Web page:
It seems like a day made for a Vanilla Maple Cinnamon latte.
It’s the cup that cheers.
So what have you all been keeping busy with?
I made some bacon! Want to see how? (Methodology from Cedar at Let’s Make Something Awesome)
First: obtain some pork belly. Mr. picked this lovely one up at Karpaty Meats & Deli.
In my research I was warned to not be alarmed to find a nipple or two on the pork belly. Ours was sans nipples. Is it awful that I was a little sad not to find one?
Second: mix up your cure! The piece of pork belly we were working with started out at 1.75 kg. I mixed together 1/2 Cup kosher salt, 1/4 Cup packed brown sugar, 2 Tbsp coarsely ground black pepper, and 3/4 Cup maple syrup. (This is more cure than you will need for a similar amount of bacon, but you want to ensure a good, solid coating of the cure on all surfaces, so you want to have more than you need!)
Third: Rub the cure over all surfaces of the pork belly, giving it a nice massage. You want a good coating of cure on all surfaces, including any nooks or crannies.
Fourth: Assemble your curing apparatus! Put a wire rack onto a baking sheet. A baking sheet with sides is essential here, as your bacon cures it will weep a lot of moisture, and the baking sheet will catch the forming puddle. The rack allows air on all sides of the pork belly. Place your proto-bacon onto the curing apparatus.
Fifth: Put the curing apparatus into the fridge. Refrigeration is important because botulism is not your friend!
Sixth: Leave the bacon to cure for a week. I flipped it over once a day, but this may not necessarily be a required step. It did help to quell my impatience, though! The first few days will see the most moisture weeping out of the proto-bacon, so you may also want to check the baking sheet to see if it needs tipping out should it threaten to overflow.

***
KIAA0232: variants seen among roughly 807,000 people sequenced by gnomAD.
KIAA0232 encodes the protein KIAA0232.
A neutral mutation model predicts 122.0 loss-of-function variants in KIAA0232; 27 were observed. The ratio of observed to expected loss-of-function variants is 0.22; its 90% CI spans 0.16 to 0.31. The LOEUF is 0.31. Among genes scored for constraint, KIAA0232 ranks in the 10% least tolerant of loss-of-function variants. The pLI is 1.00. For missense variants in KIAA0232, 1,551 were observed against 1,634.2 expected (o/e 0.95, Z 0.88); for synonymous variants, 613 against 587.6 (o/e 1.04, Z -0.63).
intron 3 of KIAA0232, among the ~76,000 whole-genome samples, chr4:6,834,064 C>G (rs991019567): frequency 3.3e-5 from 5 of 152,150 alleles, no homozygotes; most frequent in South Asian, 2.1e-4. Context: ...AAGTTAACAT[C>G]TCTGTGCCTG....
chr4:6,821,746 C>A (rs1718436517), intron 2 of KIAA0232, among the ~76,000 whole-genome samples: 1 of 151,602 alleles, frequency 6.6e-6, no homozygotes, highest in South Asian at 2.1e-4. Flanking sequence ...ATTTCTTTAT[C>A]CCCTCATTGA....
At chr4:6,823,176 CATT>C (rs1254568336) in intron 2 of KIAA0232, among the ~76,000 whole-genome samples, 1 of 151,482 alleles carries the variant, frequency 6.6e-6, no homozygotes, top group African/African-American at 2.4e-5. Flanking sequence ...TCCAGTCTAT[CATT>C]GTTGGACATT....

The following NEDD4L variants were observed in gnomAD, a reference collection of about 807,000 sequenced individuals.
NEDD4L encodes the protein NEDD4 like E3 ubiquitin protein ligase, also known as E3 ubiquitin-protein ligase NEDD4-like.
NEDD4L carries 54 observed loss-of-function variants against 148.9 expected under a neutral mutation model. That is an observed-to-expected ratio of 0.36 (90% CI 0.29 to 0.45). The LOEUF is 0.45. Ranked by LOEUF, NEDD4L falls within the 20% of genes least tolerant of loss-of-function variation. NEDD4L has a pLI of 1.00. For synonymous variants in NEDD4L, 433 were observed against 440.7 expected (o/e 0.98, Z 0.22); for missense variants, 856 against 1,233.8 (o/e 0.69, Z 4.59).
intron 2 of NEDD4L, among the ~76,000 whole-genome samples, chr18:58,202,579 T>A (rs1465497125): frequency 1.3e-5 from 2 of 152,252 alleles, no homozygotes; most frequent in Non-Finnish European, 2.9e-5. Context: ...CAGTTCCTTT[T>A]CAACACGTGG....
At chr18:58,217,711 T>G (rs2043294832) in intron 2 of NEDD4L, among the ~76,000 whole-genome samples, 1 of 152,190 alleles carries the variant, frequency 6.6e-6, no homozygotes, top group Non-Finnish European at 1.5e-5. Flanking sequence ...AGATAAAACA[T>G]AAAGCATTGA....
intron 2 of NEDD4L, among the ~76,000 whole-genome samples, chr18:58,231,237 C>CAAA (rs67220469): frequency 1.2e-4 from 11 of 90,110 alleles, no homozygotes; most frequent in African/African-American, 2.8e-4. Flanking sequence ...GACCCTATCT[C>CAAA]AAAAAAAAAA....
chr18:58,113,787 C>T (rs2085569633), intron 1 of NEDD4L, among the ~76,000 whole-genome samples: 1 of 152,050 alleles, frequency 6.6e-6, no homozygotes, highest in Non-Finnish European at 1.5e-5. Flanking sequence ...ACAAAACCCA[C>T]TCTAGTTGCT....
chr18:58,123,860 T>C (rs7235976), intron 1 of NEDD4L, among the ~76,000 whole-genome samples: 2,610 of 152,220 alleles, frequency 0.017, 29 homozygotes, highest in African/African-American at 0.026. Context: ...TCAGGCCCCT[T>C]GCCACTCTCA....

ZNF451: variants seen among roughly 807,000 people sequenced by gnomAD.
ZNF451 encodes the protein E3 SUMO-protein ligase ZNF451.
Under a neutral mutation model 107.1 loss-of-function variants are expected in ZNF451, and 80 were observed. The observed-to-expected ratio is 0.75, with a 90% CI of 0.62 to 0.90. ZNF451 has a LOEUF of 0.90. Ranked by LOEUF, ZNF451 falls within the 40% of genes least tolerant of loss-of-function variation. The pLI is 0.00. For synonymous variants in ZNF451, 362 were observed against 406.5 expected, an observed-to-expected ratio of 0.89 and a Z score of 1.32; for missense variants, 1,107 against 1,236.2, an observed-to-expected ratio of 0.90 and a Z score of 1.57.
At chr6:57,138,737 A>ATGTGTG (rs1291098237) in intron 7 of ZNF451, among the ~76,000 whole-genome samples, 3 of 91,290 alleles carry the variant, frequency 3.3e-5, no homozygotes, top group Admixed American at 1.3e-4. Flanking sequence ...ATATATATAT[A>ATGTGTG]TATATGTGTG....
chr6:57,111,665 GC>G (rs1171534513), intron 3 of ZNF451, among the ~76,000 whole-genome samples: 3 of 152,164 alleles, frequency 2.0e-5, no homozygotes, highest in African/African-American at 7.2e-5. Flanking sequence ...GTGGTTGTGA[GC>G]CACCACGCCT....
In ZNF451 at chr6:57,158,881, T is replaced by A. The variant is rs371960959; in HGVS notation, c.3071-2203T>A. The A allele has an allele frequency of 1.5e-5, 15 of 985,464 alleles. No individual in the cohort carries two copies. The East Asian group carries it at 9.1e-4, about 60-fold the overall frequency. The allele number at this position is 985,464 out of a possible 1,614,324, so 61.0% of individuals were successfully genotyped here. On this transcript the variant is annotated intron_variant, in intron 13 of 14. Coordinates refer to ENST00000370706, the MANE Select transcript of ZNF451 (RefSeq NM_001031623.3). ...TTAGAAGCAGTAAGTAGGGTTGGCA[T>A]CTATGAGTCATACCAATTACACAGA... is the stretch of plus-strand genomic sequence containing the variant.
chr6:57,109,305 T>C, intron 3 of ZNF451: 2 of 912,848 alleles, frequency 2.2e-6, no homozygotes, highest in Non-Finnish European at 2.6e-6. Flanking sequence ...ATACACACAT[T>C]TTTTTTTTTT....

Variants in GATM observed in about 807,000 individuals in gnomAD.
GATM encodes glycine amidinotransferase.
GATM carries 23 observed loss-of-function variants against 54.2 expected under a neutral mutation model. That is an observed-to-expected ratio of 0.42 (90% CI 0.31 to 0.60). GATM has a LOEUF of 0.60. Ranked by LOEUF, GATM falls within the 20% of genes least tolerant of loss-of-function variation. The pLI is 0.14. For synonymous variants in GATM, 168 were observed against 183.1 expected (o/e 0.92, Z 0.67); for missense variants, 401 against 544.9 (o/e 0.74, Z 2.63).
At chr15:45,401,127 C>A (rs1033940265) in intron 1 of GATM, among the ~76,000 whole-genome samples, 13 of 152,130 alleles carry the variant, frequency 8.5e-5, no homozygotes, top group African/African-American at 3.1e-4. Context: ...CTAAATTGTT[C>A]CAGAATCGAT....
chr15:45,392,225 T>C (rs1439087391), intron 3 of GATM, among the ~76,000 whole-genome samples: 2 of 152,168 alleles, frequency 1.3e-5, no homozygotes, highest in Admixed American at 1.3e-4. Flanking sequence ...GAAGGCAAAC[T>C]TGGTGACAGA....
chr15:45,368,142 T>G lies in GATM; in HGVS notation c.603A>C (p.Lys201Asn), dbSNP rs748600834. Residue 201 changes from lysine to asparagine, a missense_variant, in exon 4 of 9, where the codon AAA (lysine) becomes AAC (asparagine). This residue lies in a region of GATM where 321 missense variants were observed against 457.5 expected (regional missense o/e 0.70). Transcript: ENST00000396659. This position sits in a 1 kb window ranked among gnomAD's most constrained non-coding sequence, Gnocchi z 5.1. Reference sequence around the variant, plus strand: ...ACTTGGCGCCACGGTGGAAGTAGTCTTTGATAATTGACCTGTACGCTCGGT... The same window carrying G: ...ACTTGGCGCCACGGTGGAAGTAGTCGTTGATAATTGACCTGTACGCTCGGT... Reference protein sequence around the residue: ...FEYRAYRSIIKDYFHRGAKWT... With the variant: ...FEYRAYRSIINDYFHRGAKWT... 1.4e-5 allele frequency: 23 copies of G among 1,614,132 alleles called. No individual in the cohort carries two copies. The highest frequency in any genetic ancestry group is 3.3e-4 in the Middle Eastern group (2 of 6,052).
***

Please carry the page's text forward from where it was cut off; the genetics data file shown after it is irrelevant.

Seventh: Once the week of curing has lapsed, give your almost-bacon a good rinse with fresh, cool water. Pat it dry, and then put it back into the fridge for at least one more night (or 8 hour period) to form a pellicle. A pellicle is a tacky, tangled net of proteins on the surface of the meat and it soaks in and holds onto the smoke like a sponge.
Eighth: To the smoker! We used applewood (it’s my favourite wood to use for smoking so far!). Smoke the bacon until the internal temperature reaches 68.5 ºC (155 ºF). To do this, the smoker was kept at ~95 ºC for 2 hours. As with any time you use a smoker, addition or rejiggering of coals and/or wood chips, or adjustment of the fire may be required as time passes to keep the temperature at the right level and to keep it producing smoke. Smoking is also a useful tool for those not friendly with Botulism!
Ninth: Take the slab of bacon out of the smoker. It’s decision time: leave the skin on, or take it off? We ended up removing the skin. It takes a sharp knife and a little time, but upon conversing with Mr we decided we weren’t fans of the toughness along the edge.
Tenth: Slice it up! This can be done with just a knife and a cutting board, or if you are lucky enough to have a meat slicer you can breeze through this step easily. With either slicing method, though, life is made easier if you toss the bacon into the freezer for a little while to firm up a bit (don’t freeze it all the way through, though, the goal is firmness, not a brick).
Just look at that. My inexperience with meat slicers lead to some raggedy cuts, but practise improved my efforts as I merrily sliced away.
Of course, with excitement I couldn’t help cooking a bit of bacon up to see how it had turned out. It was certainly worth the effort! Much of the bacon bought at the grocer’s is wet cured in a brine, almost like a pickle. This bacon is dry cured, and so is quite intense and salty. I think next time I might adjust the cure recipe a little.
Also, I’ve been thinking a lot about the curing process and the skin on the outside of the pork belly. If the skin is going to be removed anyway, would it be a good idea to take the skin off before even starting the curing process? I would imagine that the cure would penetrate through the subcutaneous fat on that side of the bacon more easily instead of first passing through a layer of skin. Skin is a semi-permeable membrane after all… but maybe there’s a reason why the skin is left on (other than some people leave it on their bacon for eating). Needless to say, I’m going to have to do some more research.
In the meantime, we have bacon!
I’d really like to thank Mr for building me our smoker. It’s pretty fortunate to have a partner who is so handy.